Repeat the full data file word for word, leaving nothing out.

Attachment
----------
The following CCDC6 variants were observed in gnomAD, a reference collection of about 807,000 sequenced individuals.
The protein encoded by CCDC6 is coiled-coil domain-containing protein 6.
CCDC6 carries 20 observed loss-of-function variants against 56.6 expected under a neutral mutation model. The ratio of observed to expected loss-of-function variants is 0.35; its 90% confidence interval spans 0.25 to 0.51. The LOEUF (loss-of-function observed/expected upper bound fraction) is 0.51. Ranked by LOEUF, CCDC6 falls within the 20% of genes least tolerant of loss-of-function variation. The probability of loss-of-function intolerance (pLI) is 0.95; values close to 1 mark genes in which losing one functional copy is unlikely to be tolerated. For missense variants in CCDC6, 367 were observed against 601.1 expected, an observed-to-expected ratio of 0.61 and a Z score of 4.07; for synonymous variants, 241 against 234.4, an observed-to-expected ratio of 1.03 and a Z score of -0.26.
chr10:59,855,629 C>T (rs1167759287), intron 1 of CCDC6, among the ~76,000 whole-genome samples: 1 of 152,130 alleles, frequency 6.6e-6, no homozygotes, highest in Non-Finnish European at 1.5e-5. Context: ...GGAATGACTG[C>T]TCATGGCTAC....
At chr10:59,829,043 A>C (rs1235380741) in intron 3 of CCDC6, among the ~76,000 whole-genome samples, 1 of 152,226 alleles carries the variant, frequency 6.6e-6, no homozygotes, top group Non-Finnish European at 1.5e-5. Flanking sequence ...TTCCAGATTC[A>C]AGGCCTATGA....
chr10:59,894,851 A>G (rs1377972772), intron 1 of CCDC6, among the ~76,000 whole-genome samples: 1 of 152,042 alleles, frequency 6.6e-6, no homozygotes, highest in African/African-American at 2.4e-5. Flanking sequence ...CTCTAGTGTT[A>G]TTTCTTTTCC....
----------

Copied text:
The following CCDC6 variants were observed in gnomAD, a reference collection of about 807,000 sequenced individuals.
The protein encoded by CCDC6 is coiled-coil domain-containing protein 6.
CCDC6 carries 20 observed loss-of-function variants against 56.6 expected under a neutral mutation model. The ratio of observed to expected loss-of-function variants is 0.35; its 90% confidence interval spans 0.25 to 0.51. The LOEUF (loss-of-function observed/expected upper bound fraction) is 0.51. Ranked by LOEUF, CCDC6 falls within the 20% of genes least tolerant of loss-of-function variation. The probability of loss-of-function intolerance (pLI) is 0.95; values close to 1 mark genes in which losing one functional copy is unlikely to be tolerated. For missense variants in CCDC6, 367 were observed against 601.1 expected, an observed-to-expected ratio of 0.61 and a Z score of 4.07; for synonymous variants, 241 against 234.4, an observed-to-expected ratio of 1.03 and a Z score of -0.26.
chr10:59,855,629 C>T (rs1167759287), intron 1 of CCDC6, among the ~76,000 whole-genome samples: 1 of 152,130 alleles, frequency 6.6e-6, no homozygotes, highest in Non-Finnish European at 1.5e-5. Context: ...GGAATGACTG[C>T]TCATGGCTAC....
At chr10:59,829,043 A>C (rs1235380741) in intron 3 of CCDC6, among the ~76,000 whole-genome samples, 1 of 152,226 alleles carries the variant, frequency 6.6e-6, no homozygotes, top group Non-Finnish European at 1.5e-5. Flanking sequence ...TTCCAGATTC[A>C]AGGCCTATGA....
chr10:59,894,851 A>G (rs1377972772), intron 1 of CCDC6, among the ~76,000 whole-genome samples: 1 of 152,042 alleles, frequency 6.6e-6, no homozygotes, highest in African/African-American at 2.4e-5. Flanking sequence ...CTCTAGTGTT[A>G]TTTCTTTTCC....